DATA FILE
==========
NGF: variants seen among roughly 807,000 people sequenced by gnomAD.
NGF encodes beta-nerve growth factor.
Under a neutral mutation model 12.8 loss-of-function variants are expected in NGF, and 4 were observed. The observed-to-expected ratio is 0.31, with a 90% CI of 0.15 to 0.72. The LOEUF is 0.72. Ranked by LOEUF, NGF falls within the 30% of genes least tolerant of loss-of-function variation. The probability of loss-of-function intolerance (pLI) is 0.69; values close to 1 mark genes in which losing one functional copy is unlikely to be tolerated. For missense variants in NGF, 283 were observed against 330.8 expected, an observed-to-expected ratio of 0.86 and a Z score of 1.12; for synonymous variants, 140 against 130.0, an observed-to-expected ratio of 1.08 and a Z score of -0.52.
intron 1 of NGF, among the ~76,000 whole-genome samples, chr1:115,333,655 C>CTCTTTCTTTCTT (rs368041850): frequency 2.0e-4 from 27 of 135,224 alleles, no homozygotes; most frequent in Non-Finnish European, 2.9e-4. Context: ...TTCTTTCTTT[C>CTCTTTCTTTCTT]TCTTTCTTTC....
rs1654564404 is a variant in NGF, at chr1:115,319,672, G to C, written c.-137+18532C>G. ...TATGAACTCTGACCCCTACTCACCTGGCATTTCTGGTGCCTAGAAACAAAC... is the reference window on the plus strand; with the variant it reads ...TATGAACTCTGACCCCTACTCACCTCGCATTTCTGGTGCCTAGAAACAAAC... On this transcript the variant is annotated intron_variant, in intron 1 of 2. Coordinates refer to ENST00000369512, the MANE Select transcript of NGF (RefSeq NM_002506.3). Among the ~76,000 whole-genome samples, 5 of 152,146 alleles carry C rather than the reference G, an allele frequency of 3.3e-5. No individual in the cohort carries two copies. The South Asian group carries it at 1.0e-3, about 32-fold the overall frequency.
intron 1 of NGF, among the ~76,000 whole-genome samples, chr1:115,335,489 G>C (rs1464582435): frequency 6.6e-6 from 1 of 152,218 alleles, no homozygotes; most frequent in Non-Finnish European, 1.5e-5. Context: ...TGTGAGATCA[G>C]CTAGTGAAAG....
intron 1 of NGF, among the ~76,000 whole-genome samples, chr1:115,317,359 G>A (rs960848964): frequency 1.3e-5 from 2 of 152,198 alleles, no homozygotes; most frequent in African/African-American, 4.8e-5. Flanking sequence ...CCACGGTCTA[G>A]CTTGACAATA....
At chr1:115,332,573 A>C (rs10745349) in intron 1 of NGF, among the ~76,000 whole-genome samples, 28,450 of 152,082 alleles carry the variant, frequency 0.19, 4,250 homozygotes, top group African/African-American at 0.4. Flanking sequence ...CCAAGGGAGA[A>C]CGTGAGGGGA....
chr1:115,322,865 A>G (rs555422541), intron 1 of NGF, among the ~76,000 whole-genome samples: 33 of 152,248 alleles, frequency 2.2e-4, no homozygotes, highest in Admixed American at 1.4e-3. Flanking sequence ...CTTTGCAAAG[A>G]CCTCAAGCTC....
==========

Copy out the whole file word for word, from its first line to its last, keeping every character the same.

NGF: variants seen among roughly 807,000 people sequenced by gnomAD.
NGF encodes beta-nerve growth factor.
Under a neutral mutation model 12.8 loss-of-function variants are expected in NGF, and 4 were observed. The observed-to-expected ratio is 0.31, with a 90% CI of 0.15 to 0.72. The LOEUF is 0.72. Ranked by LOEUF, NGF falls within the 30% of genes least tolerant of loss-of-function variation. The probability of loss-of-function intolerance (pLI) is 0.69; values close to 1 mark genes in which losing one functional copy is unlikely to be tolerated. For missense variants in NGF, 283 were observed against 330.8 expected, an observed-to-expected ratio of 0.86 and a Z score of 1.12; for synonymous variants, 140 against 130.0, an observed-to-expected ratio of 1.08 and a Z score of -0.52.
intron 1 of NGF, among the ~76,000 whole-genome samples, chr1:115,333,655 C>CTCTTTCTTTCTT (rs368041850): frequency 2.0e-4 from 27 of 135,224 alleles, no homozygotes; most frequent in Non-Finnish European, 2.9e-4. Context: ...TTCTTTCTTT[C>CTCTTTCTTTCTT]TCTTTCTTTC....
rs1654564404 is a variant in NGF, at chr1:115,319,672, G to C, written c.-137+18532C>G. ...TATGAACTCTGACCCCTACTCACCTGGCATTTCTGGTGCCTAGAAACAAAC... is the reference window on the plus strand; with the variant it reads ...TATGAACTCTGACCCCTACTCACCTCGCATTTCTGGTGCCTAGAAACAAAC... On this transcript the variant is annotated intron_variant, in intron 1 of 2. Coordinates refer to ENST00000369512, the MANE Select transcript of NGF (RefSeq NM_002506.3). Among the ~76,000 whole-genome samples, 5 of 152,146 alleles carry C rather than the reference G, an allele frequency of 3.3e-5. No individual in the cohort carries two copies. The South Asian group carries it at 1.0e-3, about 32-fold the overall frequency.
intron 1 of NGF, among the ~76,000 whole-genome samples, chr1:115,335,489 G>C (rs1464582435): frequency 6.6e-6 from 1 of 152,218 alleles, no homozygotes; most frequent in Non-Finnish European, 1.5e-5. Context: ...TGTGAGATCA[G>C]CTAGTGAAAG....
intron 1 of NGF, among the ~76,000 whole-genome samples, chr1:115,317,359 G>A (rs960848964): frequency 1.3e-5 from 2 of 152,198 alleles, no homozygotes; most frequent in African/African-American, 4.8e-5. Flanking sequence ...CCACGGTCTA[G>A]CTTGACAATA....
At chr1:115,332,573 A>C (rs10745349) in intron 1 of NGF, among the ~76,000 whole-genome samples, 28,450 of 152,082 alleles carry the variant, frequency 0.19, 4,250 homozygotes, top group African/African-American at 0.4. Flanking sequence ...CCAAGGGAGA[A>C]CGTGAGGGGA....
chr1:115,322,865 A>G (rs555422541), intron 1 of NGF, among the ~76,000 whole-genome samples: 33 of 152,248 alleles, frequency 2.2e-4, no homozygotes, highest in Admixed American at 1.4e-3. Flanking sequence ...CTTTGCAAAG[A>G]CCTCAAGCTC....